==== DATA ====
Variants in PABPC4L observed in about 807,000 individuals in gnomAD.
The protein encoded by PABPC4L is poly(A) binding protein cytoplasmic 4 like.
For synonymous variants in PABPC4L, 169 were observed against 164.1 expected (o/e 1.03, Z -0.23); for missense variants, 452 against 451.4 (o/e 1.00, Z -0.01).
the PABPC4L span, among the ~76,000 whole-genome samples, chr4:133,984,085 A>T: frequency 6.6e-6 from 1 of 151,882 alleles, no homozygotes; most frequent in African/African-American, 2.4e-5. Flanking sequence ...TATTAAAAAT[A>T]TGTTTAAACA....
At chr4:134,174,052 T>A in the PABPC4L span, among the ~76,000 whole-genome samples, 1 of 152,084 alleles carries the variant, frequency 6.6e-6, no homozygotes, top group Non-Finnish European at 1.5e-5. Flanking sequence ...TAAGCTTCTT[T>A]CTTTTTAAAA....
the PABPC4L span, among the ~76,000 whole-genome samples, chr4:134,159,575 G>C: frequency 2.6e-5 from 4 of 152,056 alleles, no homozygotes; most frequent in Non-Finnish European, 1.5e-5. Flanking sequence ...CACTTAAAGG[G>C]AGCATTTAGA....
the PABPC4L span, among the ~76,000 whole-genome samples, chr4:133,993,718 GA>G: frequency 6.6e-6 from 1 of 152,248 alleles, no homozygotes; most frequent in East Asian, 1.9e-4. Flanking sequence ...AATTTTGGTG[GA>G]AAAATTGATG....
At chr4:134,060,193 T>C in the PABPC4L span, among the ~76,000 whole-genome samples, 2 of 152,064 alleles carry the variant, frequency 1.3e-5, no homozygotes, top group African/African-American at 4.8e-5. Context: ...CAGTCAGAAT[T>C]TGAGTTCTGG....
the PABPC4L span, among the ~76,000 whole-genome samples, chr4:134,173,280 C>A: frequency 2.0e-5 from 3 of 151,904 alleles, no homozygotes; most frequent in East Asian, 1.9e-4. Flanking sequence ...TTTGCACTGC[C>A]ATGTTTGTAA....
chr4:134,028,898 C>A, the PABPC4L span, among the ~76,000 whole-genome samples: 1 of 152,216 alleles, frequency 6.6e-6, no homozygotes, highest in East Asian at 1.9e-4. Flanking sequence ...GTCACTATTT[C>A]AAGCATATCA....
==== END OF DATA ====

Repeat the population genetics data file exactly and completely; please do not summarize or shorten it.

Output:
Variants in PABPC4L observed in about 807,000 individuals in gnomAD.
The protein encoded by PABPC4L is poly(A) binding protein cytoplasmic 4 like.
For synonymous variants in PABPC4L, 169 were observed against 164.1 expected (o/e 1.03, Z -0.23); for missense variants, 452 against 451.4 (o/e 1.00, Z -0.01).
the PABPC4L span, among the ~76,000 whole-genome samples, chr4:133,984,085 A>T: frequency 6.6e-6 from 1 of 151,882 alleles, no homozygotes; most frequent in African/African-American, 2.4e-5. Flanking sequence ...TATTAAAAAT[A>T]TGTTTAAACA....
At chr4:134,174,052 T>A in the PABPC4L span, among the ~76,000 whole-genome samples, 1 of 152,084 alleles carries the variant, frequency 6.6e-6, no homozygotes, top group Non-Finnish European at 1.5e-5. Flanking sequence ...TAAGCTTCTT[T>A]CTTTTTAAAA....
the PABPC4L span, among the ~76,000 whole-genome samples, chr4:134,159,575 G>C: frequency 2.6e-5 from 4 of 152,056 alleles, no homozygotes; most frequent in Non-Finnish European, 1.5e-5. Flanking sequence ...CACTTAAAGG[G>C]AGCATTTAGA....
the PABPC4L span, among the ~76,000 whole-genome samples, chr4:133,993,718 GA>G: frequency 6.6e-6 from 1 of 152,248 alleles, no homozygotes; most frequent in East Asian, 1.9e-4. Flanking sequence ...AATTTTGGTG[GA>G]AAAATTGATG....
At chr4:134,060,193 T>C in the PABPC4L span, among the ~76,000 whole-genome samples, 2 of 152,064 alleles carry the variant, frequency 1.3e-5, no homozygotes, top group African/African-American at 4.8e-5. Context: ...CAGTCAGAAT[T>C]TGAGTTCTGG....
the PABPC4L span, among the ~76,000 whole-genome samples, chr4:134,173,280 C>A: frequency 2.0e-5 from 3 of 151,904 alleles, no homozygotes; most frequent in East Asian, 1.9e-4. Flanking sequence ...TTTGCACTGC[C>A]ATGTTTGTAA....
chr4:134,028,898 C>A, the PABPC4L span, among the ~76,000 whole-genome samples: 1 of 152,216 alleles, frequency 6.6e-6, no homozygotes, highest in East Asian at 1.9e-4. Flanking sequence ...GTCACTATTT[C>A]AAGCATATCA....